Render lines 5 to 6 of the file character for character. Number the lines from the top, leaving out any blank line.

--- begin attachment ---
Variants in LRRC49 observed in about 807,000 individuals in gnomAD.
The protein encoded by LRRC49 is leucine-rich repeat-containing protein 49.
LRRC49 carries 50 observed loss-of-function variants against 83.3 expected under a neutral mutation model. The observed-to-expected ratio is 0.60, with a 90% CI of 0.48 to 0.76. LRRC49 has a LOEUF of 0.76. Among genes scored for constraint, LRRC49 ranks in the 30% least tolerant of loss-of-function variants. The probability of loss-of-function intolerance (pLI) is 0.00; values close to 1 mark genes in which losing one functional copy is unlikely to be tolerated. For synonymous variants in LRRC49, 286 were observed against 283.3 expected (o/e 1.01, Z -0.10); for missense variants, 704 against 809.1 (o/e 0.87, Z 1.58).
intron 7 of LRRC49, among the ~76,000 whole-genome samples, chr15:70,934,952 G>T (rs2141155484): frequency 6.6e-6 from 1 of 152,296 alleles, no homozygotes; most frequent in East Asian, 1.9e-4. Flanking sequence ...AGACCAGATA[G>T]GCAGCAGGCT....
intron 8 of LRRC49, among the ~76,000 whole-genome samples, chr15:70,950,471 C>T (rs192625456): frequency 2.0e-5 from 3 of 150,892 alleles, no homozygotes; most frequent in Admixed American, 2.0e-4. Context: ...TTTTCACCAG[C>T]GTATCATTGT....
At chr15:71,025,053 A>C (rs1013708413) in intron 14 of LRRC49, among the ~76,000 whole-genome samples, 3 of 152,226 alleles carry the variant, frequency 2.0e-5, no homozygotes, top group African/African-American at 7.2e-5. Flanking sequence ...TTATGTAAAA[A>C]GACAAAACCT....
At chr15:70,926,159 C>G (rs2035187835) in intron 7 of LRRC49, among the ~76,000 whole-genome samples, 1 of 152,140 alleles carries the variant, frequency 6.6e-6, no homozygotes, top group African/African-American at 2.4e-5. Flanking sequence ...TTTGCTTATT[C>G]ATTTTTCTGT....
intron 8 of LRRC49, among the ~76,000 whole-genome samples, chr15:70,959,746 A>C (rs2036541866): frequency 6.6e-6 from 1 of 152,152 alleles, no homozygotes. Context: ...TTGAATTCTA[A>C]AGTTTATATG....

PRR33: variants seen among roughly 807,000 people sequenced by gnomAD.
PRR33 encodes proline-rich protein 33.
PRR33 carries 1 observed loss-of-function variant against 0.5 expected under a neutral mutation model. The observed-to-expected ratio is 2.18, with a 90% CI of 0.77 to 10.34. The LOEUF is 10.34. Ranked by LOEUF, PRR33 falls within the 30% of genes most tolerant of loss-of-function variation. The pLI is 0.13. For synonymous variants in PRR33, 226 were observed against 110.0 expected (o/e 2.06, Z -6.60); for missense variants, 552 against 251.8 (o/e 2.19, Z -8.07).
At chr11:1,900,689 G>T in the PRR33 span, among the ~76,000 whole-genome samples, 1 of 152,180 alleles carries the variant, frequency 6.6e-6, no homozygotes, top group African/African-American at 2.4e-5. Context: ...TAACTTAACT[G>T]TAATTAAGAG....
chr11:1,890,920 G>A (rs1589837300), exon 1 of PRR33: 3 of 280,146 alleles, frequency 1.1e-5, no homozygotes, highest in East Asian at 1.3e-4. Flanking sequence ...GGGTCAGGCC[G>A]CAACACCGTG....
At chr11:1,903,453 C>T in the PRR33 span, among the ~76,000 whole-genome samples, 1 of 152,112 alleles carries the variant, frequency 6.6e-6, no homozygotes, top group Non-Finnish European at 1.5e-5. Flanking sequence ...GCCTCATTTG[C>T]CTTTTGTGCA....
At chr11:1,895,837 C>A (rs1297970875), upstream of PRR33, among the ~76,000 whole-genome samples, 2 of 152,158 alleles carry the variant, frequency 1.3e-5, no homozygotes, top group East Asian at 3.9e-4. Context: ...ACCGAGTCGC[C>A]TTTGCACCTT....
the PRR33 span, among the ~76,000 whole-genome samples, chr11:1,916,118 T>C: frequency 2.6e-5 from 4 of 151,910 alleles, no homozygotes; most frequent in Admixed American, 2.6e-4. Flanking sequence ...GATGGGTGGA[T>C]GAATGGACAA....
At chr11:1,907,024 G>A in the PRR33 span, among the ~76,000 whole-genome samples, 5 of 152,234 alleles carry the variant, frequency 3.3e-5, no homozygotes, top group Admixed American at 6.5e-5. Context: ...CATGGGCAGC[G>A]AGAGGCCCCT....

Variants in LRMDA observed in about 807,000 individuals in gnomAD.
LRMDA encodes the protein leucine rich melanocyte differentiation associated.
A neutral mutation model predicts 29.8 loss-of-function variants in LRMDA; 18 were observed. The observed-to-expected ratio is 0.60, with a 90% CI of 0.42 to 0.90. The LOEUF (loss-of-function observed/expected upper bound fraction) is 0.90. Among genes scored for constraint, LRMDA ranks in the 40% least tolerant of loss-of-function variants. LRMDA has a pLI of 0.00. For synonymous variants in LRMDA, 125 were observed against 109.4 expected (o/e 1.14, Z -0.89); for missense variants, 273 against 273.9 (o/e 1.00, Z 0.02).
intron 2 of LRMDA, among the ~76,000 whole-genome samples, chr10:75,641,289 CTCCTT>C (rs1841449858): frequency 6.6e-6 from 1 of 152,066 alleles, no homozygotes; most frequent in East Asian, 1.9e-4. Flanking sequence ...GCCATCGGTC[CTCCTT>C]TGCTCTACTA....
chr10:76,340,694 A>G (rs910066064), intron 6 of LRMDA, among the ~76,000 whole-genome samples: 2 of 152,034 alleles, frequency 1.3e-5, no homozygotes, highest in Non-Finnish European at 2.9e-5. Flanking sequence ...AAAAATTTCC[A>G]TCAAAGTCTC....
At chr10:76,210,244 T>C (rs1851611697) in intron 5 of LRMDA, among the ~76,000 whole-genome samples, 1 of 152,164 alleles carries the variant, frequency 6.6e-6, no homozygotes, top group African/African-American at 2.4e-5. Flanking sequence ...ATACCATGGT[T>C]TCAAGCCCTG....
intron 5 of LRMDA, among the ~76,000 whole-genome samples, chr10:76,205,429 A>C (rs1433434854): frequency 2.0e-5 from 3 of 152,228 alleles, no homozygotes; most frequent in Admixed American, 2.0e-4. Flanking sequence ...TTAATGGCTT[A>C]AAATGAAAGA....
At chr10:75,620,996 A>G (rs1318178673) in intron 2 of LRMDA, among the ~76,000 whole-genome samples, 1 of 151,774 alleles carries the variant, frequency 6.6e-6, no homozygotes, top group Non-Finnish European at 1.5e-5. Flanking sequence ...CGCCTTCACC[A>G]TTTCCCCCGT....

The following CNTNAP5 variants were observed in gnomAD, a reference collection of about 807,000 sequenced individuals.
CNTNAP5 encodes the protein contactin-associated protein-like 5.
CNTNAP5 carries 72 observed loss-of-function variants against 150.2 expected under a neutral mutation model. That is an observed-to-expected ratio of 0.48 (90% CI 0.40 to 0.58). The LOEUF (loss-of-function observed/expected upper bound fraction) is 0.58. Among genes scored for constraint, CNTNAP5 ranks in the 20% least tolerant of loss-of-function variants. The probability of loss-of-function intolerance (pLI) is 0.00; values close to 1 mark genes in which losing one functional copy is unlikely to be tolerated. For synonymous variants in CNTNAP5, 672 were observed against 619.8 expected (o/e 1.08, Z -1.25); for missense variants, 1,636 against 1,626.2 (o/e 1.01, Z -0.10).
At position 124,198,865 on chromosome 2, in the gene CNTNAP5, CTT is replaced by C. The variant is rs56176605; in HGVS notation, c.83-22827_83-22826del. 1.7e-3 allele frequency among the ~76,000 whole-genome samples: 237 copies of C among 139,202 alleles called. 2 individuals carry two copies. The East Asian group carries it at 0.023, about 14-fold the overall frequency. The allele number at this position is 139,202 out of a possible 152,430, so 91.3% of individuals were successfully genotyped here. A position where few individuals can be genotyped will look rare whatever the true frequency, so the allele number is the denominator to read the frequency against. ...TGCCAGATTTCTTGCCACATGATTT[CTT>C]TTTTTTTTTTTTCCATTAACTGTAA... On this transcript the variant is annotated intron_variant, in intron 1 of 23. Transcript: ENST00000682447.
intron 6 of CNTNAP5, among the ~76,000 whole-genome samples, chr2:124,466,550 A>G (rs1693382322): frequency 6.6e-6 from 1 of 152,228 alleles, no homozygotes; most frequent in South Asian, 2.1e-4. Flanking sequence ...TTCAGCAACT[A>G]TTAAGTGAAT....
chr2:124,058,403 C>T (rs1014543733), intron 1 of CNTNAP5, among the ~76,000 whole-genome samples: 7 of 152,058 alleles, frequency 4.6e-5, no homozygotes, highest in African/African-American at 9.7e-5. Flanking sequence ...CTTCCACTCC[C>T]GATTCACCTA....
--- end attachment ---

intron 8 of LRRC49, among the ~76,000 whole-genome samples, chr15:70,950,471 C>T (rs192625456): frequency 2.0e-5 from 3 of 150,892 alleles, no homozygotes; most frequent in Admixed American, 2.0e-4. Context: ...TTTTCACCAG[C>T]GTATCATTGT....
At chr15:71,025,053 A>C (rs1013708413) in intron 14 of LRRC49, among the ~76,000 whole-genome samples, 3 of 152,226 alleles carry the variant, frequency 2.0e-5, no homozygotes, top group African/African-American at 7.2e-5. Flanking sequence ...TTATGTAAAA[A>C]GACAAAACCT....